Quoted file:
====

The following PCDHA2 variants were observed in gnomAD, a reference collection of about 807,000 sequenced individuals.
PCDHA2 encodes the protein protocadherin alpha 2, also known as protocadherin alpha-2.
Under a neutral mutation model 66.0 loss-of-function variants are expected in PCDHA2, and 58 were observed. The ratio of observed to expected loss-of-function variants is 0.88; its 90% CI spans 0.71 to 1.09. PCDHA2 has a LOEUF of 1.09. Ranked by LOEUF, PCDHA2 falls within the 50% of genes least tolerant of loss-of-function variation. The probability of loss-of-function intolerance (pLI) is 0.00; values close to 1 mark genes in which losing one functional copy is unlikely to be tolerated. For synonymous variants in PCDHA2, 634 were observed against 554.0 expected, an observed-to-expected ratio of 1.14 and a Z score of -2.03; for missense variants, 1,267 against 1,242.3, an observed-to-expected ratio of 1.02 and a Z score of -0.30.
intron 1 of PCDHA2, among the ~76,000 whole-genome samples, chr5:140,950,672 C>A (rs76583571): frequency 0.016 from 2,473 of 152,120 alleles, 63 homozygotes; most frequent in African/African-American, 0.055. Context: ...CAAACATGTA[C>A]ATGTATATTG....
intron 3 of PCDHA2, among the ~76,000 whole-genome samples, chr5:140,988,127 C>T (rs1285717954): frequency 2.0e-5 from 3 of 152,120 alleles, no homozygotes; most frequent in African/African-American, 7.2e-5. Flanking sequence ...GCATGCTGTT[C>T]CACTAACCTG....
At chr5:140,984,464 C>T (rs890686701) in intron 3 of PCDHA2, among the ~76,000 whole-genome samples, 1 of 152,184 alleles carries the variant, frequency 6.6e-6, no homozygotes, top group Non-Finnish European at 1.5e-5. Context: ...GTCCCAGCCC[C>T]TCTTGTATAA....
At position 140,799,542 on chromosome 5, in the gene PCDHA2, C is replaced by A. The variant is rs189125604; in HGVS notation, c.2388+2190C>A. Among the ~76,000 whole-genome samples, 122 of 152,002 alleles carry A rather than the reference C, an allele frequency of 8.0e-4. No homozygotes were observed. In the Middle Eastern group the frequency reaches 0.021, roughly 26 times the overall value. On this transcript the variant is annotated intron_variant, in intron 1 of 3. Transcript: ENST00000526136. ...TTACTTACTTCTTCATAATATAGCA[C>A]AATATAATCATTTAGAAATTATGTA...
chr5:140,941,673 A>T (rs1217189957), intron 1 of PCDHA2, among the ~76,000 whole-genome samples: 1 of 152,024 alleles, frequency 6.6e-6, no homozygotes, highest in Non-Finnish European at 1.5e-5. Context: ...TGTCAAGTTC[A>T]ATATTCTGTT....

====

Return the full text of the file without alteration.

The following PCDHA2 variants were observed in gnomAD, a reference collection of about 807,000 sequenced individuals.
PCDHA2 encodes the protein protocadherin alpha 2, also known as protocadherin alpha-2.
Under a neutral mutation model 66.0 loss-of-function variants are expected in PCDHA2, and 58 were observed. The ratio of observed to expected loss-of-function variants is 0.88; its 90% CI spans 0.71 to 1.09. PCDHA2 has a LOEUF of 1.09. Ranked by LOEUF, PCDHA2 falls within the 50% of genes least tolerant of loss-of-function variation. The probability of loss-of-function intolerance (pLI) is 0.00; values close to 1 mark genes in which losing one functional copy is unlikely to be tolerated. For synonymous variants in PCDHA2, 634 were observed against 554.0 expected, an observed-to-expected ratio of 1.14 and a Z score of -2.03; for missense variants, 1,267 against 1,242.3, an observed-to-expected ratio of 1.02 and a Z score of -0.30.
intron 1 of PCDHA2, among the ~76,000 whole-genome samples, chr5:140,950,672 C>A (rs76583571): frequency 0.016 from 2,473 of 152,120 alleles, 63 homozygotes; most frequent in African/African-American, 0.055. Context: ...CAAACATGTA[C>A]ATGTATATTG....
intron 3 of PCDHA2, among the ~76,000 whole-genome samples, chr5:140,988,127 C>T (rs1285717954): frequency 2.0e-5 from 3 of 152,120 alleles, no homozygotes; most frequent in African/African-American, 7.2e-5. Flanking sequence ...GCATGCTGTT[C>T]CACTAACCTG....
At chr5:140,984,464 C>T (rs890686701) in intron 3 of PCDHA2, among the ~76,000 whole-genome samples, 1 of 152,184 alleles carries the variant, frequency 6.6e-6, no homozygotes, top group Non-Finnish European at 1.5e-5. Context: ...GTCCCAGCCC[C>T]TCTTGTATAA....
At position 140,799,542 on chromosome 5, in the gene PCDHA2, C is replaced by A. The variant is rs189125604; in HGVS notation, c.2388+2190C>A. Among the ~76,000 whole-genome samples, 122 of 152,002 alleles carry A rather than the reference C, an allele frequency of 8.0e-4. No homozygotes were observed. In the Middle Eastern group the frequency reaches 0.021, roughly 26 times the overall value. On this transcript the variant is annotated intron_variant, in intron 1 of 3. Transcript: ENST00000526136. ...TTACTTACTTCTTCATAATATAGCA[C>A]AATATAATCATTTAGAAATTATGTA...
chr5:140,941,673 A>T (rs1217189957), intron 1 of PCDHA2, among the ~76,000 whole-genome samples: 1 of 152,024 alleles, frequency 6.6e-6, no homozygotes, highest in Non-Finnish European at 1.5e-5. Context: ...TGTCAAGTTC[A>T]ATATTCTGTT....